AG: I think in some quarters, there is certainly a fantasy of creating a Sunni force that would, at the very least, rid the U.S.’s reliance on Iranian forces, which is essentially what they had been relying on in Iraq, especially, but also really in Syria. And so, there’s this idea in some quarters that you can raise this — almost like a second awakening, and this would be your proxy force. How realistic that is, is another question, that I don’t think it is very realistic. I mean let’s take Iraq, for example: The anti-ISIS fight would not be happening without the cooperation of Iran. And so essentially, the U.S. cannot actually fight against ISIS without having, at the very least, a de facto alliance with Iran, and even so, in Syria. In fact, one of the reasons why the offensive is going a little slowly in Mosul is because a lot of the Iraqi Shia militias — the deadliest ones, let’s say — are actually in Syria. They were in Aleppo. They were fighting in Aleppo. They were in other parts of Syria. And so, it’s an extraordinarily complicated situation in which the U.S. and the Trump administration particularly is pretty anti-Iran. But at the same time, they have to rely on Iran if they want to fight ISIS.

JS: I have pressed that issue with people that are on the inside that keep saying, “No, you guys are missing the point, that this is real.” Like, these guys actually do want this, to the point where I actually — I’m kind of obsessed with this now because I’ve been told by so many knowledgeable people that that is the agenda, that I really am having trouble seeing what they would get out of it except a mass bloodbath. But it does seem like we’ve got some pretty insane people within this administration that have risen to positions of great power.

AG: Yeah. I mean, I wouldn’t put it past them. The thing to keep in mind, though, is that pursuing that would just lead to an even greater calamity than what we see right now. You know, already, it’s a bloodbath in the Middle East, and already, there’s hundreds of different forces fighting. And any attempt to try to either create a Sunni proxy force or to, you know, push on to Iran would just be an even greater disaster. And there, we’re talking like World War III-level disaster.

JS: That’s a phrase I’ve been hearing. I mean, you’re speaking as a logical, well-informed person who cares about broader humanity, so you don’t belong in this conversation, really, Anand.

AG: [Laughs]

JS: Iona, I wanted to ask you — I think a lot of people don’t understand why the United States would be supporting what amounts to the utter decimation of Yemen in this merciless, kind of scorched earth, Saudi campaign — and also the reality, as you were describing: That the United States in several concrete ways is finding itself on the side of al Qaeda in Yemen, and simultaneously, trying to kill al Qaeda in Yemen. But what does the U.S. want out of this? Like, why support the just utter pummeling of Yemen?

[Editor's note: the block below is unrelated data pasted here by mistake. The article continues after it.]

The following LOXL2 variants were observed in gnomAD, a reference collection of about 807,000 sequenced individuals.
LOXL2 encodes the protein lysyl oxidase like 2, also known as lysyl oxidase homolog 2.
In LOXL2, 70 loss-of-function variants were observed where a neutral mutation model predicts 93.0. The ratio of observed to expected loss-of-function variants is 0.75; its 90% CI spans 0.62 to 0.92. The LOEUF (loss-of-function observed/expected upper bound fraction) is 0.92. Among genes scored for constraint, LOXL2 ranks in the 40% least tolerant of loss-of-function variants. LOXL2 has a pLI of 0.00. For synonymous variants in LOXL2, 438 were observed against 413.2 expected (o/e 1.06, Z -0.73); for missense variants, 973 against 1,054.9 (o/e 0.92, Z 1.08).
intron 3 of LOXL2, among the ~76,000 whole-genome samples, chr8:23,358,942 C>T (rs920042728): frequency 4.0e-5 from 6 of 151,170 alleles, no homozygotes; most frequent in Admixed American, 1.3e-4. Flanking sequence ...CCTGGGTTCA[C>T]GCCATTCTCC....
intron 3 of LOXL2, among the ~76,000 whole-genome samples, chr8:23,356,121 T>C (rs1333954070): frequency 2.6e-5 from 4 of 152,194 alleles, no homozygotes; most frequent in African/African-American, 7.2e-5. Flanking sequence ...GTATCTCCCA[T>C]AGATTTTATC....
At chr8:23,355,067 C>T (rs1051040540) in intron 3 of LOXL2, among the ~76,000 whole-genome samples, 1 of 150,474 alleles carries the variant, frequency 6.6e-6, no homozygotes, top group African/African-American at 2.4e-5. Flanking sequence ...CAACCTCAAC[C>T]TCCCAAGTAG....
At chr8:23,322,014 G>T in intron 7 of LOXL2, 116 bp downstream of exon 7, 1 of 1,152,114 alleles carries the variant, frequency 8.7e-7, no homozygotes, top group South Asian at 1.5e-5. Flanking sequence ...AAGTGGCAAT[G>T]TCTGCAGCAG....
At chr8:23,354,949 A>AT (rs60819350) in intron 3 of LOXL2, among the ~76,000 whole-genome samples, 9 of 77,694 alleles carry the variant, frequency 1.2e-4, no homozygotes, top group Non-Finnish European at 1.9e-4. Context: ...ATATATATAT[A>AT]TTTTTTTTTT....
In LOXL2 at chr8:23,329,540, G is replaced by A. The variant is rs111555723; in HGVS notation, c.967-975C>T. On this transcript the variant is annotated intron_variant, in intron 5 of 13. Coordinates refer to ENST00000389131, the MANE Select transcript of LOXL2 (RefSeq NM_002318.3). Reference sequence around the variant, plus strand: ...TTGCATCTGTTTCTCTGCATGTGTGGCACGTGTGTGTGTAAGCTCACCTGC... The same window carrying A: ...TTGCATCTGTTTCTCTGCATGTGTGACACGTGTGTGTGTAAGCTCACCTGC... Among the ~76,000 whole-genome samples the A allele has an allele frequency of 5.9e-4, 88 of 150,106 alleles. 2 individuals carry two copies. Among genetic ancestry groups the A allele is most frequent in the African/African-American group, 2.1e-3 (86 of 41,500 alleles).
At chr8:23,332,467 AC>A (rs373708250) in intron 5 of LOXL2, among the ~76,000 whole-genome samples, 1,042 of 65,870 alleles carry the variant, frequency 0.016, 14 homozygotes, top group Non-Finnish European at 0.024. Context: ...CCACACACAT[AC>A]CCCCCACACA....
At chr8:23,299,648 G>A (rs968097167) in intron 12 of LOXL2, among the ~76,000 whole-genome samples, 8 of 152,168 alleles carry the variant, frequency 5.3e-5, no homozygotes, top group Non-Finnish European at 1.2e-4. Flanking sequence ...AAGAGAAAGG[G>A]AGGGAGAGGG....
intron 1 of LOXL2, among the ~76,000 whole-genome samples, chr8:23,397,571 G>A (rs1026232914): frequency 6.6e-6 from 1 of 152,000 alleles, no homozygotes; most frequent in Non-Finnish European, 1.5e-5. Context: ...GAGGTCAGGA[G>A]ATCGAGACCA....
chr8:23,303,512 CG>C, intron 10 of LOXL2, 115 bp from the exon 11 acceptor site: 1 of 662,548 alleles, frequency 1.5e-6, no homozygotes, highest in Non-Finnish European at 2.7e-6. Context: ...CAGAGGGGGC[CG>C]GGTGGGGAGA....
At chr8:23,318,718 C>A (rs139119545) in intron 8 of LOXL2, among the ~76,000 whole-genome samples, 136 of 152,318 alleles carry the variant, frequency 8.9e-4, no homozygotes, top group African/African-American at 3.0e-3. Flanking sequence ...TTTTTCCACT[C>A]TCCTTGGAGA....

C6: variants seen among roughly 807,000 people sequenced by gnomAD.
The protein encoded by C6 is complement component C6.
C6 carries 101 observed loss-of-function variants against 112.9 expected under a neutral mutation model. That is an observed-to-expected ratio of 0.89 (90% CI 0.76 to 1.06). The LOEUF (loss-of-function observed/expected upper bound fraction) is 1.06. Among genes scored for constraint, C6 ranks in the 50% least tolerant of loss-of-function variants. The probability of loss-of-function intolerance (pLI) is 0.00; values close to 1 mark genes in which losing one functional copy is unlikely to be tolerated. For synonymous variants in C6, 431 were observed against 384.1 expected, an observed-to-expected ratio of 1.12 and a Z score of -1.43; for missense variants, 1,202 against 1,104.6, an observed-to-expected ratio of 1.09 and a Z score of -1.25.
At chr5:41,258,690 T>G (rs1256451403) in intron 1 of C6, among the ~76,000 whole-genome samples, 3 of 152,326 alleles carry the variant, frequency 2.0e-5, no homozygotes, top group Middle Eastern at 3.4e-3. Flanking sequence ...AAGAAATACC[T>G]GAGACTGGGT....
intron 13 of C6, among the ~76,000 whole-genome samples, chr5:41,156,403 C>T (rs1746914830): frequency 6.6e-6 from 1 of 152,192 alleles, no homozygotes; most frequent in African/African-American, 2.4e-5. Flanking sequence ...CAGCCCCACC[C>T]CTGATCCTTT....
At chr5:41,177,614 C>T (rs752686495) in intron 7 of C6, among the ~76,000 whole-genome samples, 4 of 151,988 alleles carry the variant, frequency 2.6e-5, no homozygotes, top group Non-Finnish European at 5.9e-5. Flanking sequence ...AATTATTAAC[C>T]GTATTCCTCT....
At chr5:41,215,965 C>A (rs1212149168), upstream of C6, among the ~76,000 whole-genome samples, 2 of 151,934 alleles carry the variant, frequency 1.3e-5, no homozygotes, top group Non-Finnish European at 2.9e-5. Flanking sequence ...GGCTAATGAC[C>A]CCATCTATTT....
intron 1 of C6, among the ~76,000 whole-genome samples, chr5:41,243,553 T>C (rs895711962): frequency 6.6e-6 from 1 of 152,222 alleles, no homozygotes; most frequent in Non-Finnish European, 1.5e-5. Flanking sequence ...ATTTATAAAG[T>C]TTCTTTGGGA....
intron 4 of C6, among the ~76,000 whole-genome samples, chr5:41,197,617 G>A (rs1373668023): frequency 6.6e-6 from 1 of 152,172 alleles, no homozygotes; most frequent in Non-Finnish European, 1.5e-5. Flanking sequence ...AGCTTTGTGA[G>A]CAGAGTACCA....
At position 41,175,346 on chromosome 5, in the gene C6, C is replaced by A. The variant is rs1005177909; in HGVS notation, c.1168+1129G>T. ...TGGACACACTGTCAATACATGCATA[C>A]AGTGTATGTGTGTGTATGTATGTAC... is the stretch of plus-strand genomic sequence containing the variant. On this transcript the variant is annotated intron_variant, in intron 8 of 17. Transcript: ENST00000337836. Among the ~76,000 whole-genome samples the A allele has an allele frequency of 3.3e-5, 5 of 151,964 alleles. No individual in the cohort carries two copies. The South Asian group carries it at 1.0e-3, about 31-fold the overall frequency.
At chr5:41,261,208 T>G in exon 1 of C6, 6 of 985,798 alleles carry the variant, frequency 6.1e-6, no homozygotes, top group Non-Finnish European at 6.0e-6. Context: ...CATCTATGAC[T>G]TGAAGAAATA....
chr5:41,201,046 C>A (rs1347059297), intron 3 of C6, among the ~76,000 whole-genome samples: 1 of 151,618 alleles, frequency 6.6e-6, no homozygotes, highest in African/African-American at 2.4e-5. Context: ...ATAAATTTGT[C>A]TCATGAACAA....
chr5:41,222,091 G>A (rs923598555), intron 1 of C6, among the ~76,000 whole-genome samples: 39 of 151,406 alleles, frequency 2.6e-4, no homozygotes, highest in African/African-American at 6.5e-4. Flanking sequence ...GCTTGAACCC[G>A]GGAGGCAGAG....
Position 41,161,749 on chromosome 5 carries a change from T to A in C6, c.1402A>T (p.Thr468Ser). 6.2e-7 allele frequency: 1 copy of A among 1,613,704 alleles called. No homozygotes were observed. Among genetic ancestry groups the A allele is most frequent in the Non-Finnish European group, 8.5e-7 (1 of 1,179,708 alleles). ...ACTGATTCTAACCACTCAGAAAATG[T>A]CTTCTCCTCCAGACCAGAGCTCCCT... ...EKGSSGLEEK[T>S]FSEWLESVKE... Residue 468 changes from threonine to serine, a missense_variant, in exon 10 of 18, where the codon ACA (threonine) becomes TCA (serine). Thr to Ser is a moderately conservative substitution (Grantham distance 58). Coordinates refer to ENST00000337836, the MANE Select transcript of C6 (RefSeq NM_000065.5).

IC: Well, it’s good business. In the first year of the war, the U.S. sold 20 billion dollars worth of arms to Saudi Arabia, and Saudi Arabia has been buying more and more weapons as a result of this war. And the same goes for the British government as well. This is ultimately about money, really. And Saudi being an ally is obviously important, and it, you know, plays into this regional conflict that we’re already talking about between Saudi Arabia and Iran because the Saudis see the Houthis as an Iranian proxy. But really, it all boils down to financial gain. And that’s the greatest win, really, for the U.S. But it’s an extremely costly one, obviously, for the civilian population of Yemen. You’ve got 20 million people out of a population of 25 million in need of humanitarian aid now. It’s the biggest humanitarian crisis in the world. Because of the blockade that has been put on the country by the Saudi-led coalition, the country can’t import its food, and it relies on — 90 percent of its food comes from imports. At the same time, the Houthis have also been blocking access to food and to aid on the ground as well, so the two worst areas affected in Yemen by this looming famine are actually on both sides of the frontlines. So the civilians on both sides are getting completely screwed.

But yeah, at this rate, the U.S. is liable to be owning a famine in Yemen, and along with the rest of the international community, as long as they keep supplying Saudi Arabia with not just the weapons as well, but the U.S. is obviously, you know, heavily involved in the refueling of aircraft, which are carrying out all of these air raids in Yemen. And certainly, without doing that, without the logistical support, if the Americans stopped doing that today, that refueling, the Saudis would have to stop bombing tomorrow, quite literally. So they have a huge influence over what Saudi Arabia is doing in Yemen. But yeah, it all comes down to big business in the end.

JS: Iona Craig, thanks for being with us on Intercepted.

IC: Thanks a lot.

JS: Anand Gopal, joining us from somewhere in the world, thank you so much for joining us on Intercepted.

AG: Thank you.

JS: Iona Craig is a veteran war correspondent who has spent many years covering the situation, the wars, the bombings in Yemen. And Anand Gopal is the author of “No Good Men Among the Living.” It’s a terrific book. You should pick it up. He’s reported from crisis and war zones around the world — both of them, very, very brave, important journalists.

[Music interlude]

JS: That does it for the show. Intercepted is a production of First Look Media and The Intercept. We are distributed by Panoply. Our producer is Jack D’Isidoro, and our executive producer is Leital Molad. Rick Kwan mixed the show. We had production assistance from Elise Swain. And our music, as always, was composed by DJ Spooky. If you’re online listening to this show, if you are listening to it through iTunes or Google Play, or anywhere that you do such things, it really would help us out if you could first of all subscribe to it; secondly, rate the show; and third, if you’re so inclined, give us a review. Tell your friends, tell your foes. Until next week, I’m Jeremy Scahill.

JS: I can go — I can buy my gun, I can buy my ammo, I can buy my beer, I can buy some organic vegetables.